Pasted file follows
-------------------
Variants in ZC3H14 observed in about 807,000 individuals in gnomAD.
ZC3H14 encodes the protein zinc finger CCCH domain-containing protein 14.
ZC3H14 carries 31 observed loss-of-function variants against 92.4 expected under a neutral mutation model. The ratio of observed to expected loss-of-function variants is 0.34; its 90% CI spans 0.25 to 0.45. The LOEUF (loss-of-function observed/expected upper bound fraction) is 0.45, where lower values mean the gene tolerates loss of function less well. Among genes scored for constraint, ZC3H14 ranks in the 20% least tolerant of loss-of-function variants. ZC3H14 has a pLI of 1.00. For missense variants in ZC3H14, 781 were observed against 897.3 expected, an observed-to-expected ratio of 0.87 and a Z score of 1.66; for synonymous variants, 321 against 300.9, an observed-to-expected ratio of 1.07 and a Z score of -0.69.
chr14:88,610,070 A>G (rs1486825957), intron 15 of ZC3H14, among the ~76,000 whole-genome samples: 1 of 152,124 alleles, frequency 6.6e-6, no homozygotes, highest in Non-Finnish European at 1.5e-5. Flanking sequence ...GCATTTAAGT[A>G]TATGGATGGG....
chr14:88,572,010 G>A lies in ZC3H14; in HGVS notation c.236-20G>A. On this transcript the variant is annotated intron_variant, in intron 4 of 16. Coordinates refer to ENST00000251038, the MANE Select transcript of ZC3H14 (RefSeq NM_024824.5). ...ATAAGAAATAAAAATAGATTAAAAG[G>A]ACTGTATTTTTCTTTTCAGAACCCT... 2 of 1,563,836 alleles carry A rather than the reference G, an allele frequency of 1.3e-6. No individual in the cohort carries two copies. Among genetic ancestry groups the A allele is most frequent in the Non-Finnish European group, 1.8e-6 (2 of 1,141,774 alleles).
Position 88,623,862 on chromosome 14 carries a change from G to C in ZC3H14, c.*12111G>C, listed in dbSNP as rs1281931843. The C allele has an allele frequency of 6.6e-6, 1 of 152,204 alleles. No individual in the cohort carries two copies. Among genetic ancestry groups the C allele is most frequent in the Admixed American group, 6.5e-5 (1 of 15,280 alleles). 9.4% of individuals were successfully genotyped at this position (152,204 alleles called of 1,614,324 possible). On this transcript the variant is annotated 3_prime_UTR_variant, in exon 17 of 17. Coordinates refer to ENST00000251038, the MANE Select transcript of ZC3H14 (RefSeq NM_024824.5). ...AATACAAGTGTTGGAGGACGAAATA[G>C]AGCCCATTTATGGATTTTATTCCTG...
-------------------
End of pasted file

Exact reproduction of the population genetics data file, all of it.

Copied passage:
Variants in ZC3H14 observed in about 807,000 individuals in gnomAD.
ZC3H14 encodes the protein zinc finger CCCH domain-containing protein 14.
ZC3H14 carries 31 observed loss-of-function variants against 92.4 expected under a neutral mutation model. The ratio of observed to expected loss-of-function variants is 0.34; its 90% CI spans 0.25 to 0.45. The LOEUF (loss-of-function observed/expected upper bound fraction) is 0.45, where lower values mean the gene tolerates loss of function less well. Among genes scored for constraint, ZC3H14 ranks in the 20% least tolerant of loss-of-function variants. ZC3H14 has a pLI of 1.00. For missense variants in ZC3H14, 781 were observed against 897.3 expected, an observed-to-expected ratio of 0.87 and a Z score of 1.66; for synonymous variants, 321 against 300.9, an observed-to-expected ratio of 1.07 and a Z score of -0.69.
chr14:88,610,070 A>G (rs1486825957), intron 15 of ZC3H14, among the ~76,000 whole-genome samples: 1 of 152,124 alleles, frequency 6.6e-6, no homozygotes, highest in Non-Finnish European at 1.5e-5. Flanking sequence ...GCATTTAAGT[A>G]TATGGATGGG....
chr14:88,572,010 G>A lies in ZC3H14; in HGVS notation c.236-20G>A. On this transcript the variant is annotated intron_variant, in intron 4 of 16. Coordinates refer to ENST00000251038, the MANE Select transcript of ZC3H14 (RefSeq NM_024824.5). ...ATAAGAAATAAAAATAGATTAAAAG[G>A]ACTGTATTTTTCTTTTCAGAACCCT... 2 of 1,563,836 alleles carry A rather than the reference G, an allele frequency of 1.3e-6. No individual in the cohort carries two copies. Among genetic ancestry groups the A allele is most frequent in the Non-Finnish European group, 1.8e-6 (2 of 1,141,774 alleles).
Position 88,623,862 on chromosome 14 carries a change from G to C in ZC3H14, c.*12111G>C, listed in dbSNP as rs1281931843. The C allele has an allele frequency of 6.6e-6, 1 of 152,204 alleles. No individual in the cohort carries two copies. Among genetic ancestry groups the C allele is most frequent in the Admixed American group, 6.5e-5 (1 of 15,280 alleles). 9.4% of individuals were successfully genotyped at this position (152,204 alleles called of 1,614,324 possible). On this transcript the variant is annotated 3_prime_UTR_variant, in exon 17 of 17. Coordinates refer to ENST00000251038, the MANE Select transcript of ZC3H14 (RefSeq NM_024824.5). ...AATACAAGTGTTGGAGGACGAAATA[G>C]AGCCCATTTATGGATTTTATTCCTG...